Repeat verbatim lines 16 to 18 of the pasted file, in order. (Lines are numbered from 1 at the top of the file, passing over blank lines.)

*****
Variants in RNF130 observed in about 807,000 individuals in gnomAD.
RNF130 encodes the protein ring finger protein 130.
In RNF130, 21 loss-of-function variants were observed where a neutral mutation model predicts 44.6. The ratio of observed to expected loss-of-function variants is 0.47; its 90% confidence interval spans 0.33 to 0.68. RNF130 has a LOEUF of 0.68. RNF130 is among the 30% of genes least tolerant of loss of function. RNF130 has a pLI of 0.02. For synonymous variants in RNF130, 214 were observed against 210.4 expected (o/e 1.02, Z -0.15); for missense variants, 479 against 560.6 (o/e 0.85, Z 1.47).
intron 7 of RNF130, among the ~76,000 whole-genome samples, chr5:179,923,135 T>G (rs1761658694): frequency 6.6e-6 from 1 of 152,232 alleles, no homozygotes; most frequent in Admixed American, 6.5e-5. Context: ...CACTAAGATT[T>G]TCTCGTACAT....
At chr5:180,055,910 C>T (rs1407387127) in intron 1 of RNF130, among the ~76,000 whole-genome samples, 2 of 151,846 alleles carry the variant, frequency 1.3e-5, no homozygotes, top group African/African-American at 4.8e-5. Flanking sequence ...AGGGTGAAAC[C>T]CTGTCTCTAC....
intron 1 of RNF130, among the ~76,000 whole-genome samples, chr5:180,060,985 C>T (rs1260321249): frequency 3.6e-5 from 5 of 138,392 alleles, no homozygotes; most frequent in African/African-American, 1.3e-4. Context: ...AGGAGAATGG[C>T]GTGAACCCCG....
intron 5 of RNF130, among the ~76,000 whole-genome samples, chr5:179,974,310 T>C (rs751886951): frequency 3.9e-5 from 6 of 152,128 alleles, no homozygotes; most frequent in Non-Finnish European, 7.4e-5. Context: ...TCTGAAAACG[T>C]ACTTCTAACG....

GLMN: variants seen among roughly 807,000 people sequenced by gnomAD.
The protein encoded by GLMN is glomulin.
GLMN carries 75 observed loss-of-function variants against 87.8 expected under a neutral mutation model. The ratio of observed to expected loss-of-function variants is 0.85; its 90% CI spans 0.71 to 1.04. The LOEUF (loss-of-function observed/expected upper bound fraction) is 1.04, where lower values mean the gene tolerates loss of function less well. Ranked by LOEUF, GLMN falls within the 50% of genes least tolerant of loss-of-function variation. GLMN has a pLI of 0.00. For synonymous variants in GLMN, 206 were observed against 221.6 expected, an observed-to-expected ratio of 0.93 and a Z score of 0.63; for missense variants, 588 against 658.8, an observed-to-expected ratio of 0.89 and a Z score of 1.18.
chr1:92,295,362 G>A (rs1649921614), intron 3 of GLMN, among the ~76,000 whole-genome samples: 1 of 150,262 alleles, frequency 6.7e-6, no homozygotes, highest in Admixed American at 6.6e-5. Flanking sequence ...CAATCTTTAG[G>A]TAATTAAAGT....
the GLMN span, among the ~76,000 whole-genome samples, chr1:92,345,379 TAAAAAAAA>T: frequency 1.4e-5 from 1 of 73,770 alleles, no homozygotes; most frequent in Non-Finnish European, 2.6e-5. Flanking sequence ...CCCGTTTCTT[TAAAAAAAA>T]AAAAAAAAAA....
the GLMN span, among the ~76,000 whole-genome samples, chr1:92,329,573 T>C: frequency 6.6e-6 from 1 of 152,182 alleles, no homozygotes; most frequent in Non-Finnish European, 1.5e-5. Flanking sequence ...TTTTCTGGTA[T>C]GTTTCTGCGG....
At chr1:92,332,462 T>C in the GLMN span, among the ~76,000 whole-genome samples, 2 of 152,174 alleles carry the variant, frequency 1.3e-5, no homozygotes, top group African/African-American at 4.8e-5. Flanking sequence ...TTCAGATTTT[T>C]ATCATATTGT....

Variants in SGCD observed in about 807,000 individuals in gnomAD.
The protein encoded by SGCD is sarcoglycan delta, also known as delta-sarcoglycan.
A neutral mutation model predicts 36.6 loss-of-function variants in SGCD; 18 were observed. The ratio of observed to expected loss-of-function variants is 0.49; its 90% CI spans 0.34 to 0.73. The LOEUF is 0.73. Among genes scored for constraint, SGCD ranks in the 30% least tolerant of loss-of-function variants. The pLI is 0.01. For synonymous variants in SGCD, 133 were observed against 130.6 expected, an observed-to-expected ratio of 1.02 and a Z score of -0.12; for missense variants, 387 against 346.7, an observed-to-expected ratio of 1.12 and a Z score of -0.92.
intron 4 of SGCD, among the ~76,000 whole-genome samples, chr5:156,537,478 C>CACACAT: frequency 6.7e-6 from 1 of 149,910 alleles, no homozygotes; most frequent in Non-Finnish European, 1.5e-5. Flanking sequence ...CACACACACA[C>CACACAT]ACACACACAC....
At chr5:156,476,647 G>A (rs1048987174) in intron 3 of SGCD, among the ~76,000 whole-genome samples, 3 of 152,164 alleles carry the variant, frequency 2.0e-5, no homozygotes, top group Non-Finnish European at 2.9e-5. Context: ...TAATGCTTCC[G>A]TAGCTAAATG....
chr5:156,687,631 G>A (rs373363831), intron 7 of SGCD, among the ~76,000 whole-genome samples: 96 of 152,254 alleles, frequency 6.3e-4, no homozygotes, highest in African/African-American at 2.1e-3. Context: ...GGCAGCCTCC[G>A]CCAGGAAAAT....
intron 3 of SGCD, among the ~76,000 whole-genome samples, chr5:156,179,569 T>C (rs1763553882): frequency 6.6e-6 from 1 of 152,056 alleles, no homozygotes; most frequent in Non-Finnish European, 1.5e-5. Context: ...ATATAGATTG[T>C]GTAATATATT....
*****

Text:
The protein encoded by SGCD is sarcoglycan delta, also known as delta-sarcoglycan.
A neutral mutation model predicts 36.6 loss-of-function variants in SGCD; 18 were observed. The ratio of observed to expected loss-of-function variants is 0.49; its 90% CI spans 0.34 to 0.73. The LOEUF is 0.73. Among genes scored for constraint, SGCD ranks in the 30% least tolerant of loss-of-function variants. The pLI is 0.01. For synonymous variants in SGCD, 133 were observed against 130.6 expected, an observed-to-expected ratio of 1.02 and a Z score of -0.12; for missense variants, 387 against 346.7, an observed-to-expected ratio of 1.12 and a Z score of -0.92.
intron 4 of SGCD, among the ~76,000 whole-genome samples, chr5:156,537,478 C>CACACAT: frequency 6.7e-6 from 1 of 149,910 alleles, no homozygotes; most frequent in Non-Finnish European, 1.5e-5. Flanking sequence ...CACACACACA[C>CACACAT]ACACACACAC....